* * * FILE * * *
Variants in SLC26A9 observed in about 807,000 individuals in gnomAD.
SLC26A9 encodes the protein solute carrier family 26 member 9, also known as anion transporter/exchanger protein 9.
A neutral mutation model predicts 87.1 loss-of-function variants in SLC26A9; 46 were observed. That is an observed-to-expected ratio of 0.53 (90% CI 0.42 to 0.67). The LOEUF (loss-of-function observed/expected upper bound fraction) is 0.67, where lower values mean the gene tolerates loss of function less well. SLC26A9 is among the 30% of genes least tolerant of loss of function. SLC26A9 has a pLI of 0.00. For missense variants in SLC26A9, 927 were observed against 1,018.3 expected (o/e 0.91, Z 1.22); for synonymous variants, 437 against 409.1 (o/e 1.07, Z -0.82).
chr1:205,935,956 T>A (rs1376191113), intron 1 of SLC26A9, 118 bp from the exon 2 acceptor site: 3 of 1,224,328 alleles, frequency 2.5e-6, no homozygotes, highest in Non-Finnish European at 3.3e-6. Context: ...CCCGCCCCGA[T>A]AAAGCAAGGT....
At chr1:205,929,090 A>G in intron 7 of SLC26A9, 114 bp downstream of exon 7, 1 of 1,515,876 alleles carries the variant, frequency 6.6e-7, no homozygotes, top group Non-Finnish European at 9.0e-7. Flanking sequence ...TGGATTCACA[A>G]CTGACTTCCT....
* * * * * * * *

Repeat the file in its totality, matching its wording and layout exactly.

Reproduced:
Variants in SLC26A9 observed in about 807,000 individuals in gnomAD.
SLC26A9 encodes the protein solute carrier family 26 member 9, also known as anion transporter/exchanger protein 9.
A neutral mutation model predicts 87.1 loss-of-function variants in SLC26A9; 46 were observed. That is an observed-to-expected ratio of 0.53 (90% CI 0.42 to 0.67). The LOEUF (loss-of-function observed/expected upper bound fraction) is 0.67, where lower values mean the gene tolerates loss of function less well. SLC26A9 is among the 30% of genes least tolerant of loss of function. SLC26A9 has a pLI of 0.00. For missense variants in SLC26A9, 927 were observed against 1,018.3 expected (o/e 0.91, Z 1.22); for synonymous variants, 437 against 409.1 (o/e 1.07, Z -0.82).
chr1:205,935,956 T>A (rs1376191113), intron 1 of SLC26A9, 118 bp from the exon 2 acceptor site: 3 of 1,224,328 alleles, frequency 2.5e-6, no homozygotes, highest in Non-Finnish European at 3.3e-6. Context: ...CCCGCCCCGA[T>A]AAAGCAAGGT....
At chr1:205,929,090 A>G in intron 7 of SLC26A9, 114 bp downstream of exon 7, 1 of 1,515,876 alleles carries the variant, frequency 6.6e-7, no homozygotes, top group Non-Finnish European at 9.0e-7. Flanking sequence ...TGGATTCACA[A>G]CTGACTTCCT....